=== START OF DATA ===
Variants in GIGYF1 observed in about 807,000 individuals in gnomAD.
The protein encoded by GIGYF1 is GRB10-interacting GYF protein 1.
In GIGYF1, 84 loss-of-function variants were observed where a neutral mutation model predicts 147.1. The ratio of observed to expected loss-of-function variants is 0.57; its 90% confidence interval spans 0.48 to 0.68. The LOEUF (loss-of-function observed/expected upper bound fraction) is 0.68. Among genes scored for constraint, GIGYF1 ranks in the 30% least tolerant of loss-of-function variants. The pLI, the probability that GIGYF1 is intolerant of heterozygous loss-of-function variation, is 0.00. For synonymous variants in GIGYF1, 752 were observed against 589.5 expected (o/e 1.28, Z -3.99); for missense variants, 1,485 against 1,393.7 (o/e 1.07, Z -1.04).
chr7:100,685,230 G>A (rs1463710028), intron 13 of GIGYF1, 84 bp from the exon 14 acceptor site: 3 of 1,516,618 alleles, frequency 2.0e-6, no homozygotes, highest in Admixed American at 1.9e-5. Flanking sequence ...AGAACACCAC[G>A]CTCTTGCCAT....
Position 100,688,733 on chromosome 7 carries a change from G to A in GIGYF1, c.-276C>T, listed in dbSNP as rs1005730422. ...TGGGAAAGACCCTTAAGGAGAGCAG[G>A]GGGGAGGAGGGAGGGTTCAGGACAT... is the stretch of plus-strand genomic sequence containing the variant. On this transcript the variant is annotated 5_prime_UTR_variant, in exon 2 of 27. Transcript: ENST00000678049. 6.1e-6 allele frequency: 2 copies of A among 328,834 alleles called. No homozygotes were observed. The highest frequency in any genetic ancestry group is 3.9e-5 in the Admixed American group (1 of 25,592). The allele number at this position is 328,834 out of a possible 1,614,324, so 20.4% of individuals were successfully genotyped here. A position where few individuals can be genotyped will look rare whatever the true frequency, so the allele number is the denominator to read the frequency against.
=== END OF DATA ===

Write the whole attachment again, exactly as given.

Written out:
Variants in GIGYF1 observed in about 807,000 individuals in gnomAD.
The protein encoded by GIGYF1 is GRB10-interacting GYF protein 1.
In GIGYF1, 84 loss-of-function variants were observed where a neutral mutation model predicts 147.1. The ratio of observed to expected loss-of-function variants is 0.57; its 90% confidence interval spans 0.48 to 0.68. The LOEUF (loss-of-function observed/expected upper bound fraction) is 0.68. Among genes scored for constraint, GIGYF1 ranks in the 30% least tolerant of loss-of-function variants. The pLI, the probability that GIGYF1 is intolerant of heterozygous loss-of-function variation, is 0.00. For synonymous variants in GIGYF1, 752 were observed against 589.5 expected (o/e 1.28, Z -3.99); for missense variants, 1,485 against 1,393.7 (o/e 1.07, Z -1.04).
chr7:100,685,230 G>A (rs1463710028), intron 13 of GIGYF1, 84 bp from the exon 14 acceptor site: 3 of 1,516,618 alleles, frequency 2.0e-6, no homozygotes, highest in Admixed American at 1.9e-5. Flanking sequence ...AGAACACCAC[G>A]CTCTTGCCAT....
Position 100,688,733 on chromosome 7 carries a change from G to A in GIGYF1, c.-276C>T, listed in dbSNP as rs1005730422. ...TGGGAAAGACCCTTAAGGAGAGCAG[G>A]GGGGAGGAGGGAGGGTTCAGGACAT... is the stretch of plus-strand genomic sequence containing the variant. On this transcript the variant is annotated 5_prime_UTR_variant, in exon 2 of 27. Transcript: ENST00000678049. 6.1e-6 allele frequency: 2 copies of A among 328,834 alleles called. No homozygotes were observed. The highest frequency in any genetic ancestry group is 3.9e-5 in the Admixed American group (1 of 25,592). The allele number at this position is 328,834 out of a possible 1,614,324, so 20.4% of individuals were successfully genotyped here. A position where few individuals can be genotyped will look rare whatever the true frequency, so the allele number is the denominator to read the frequency against.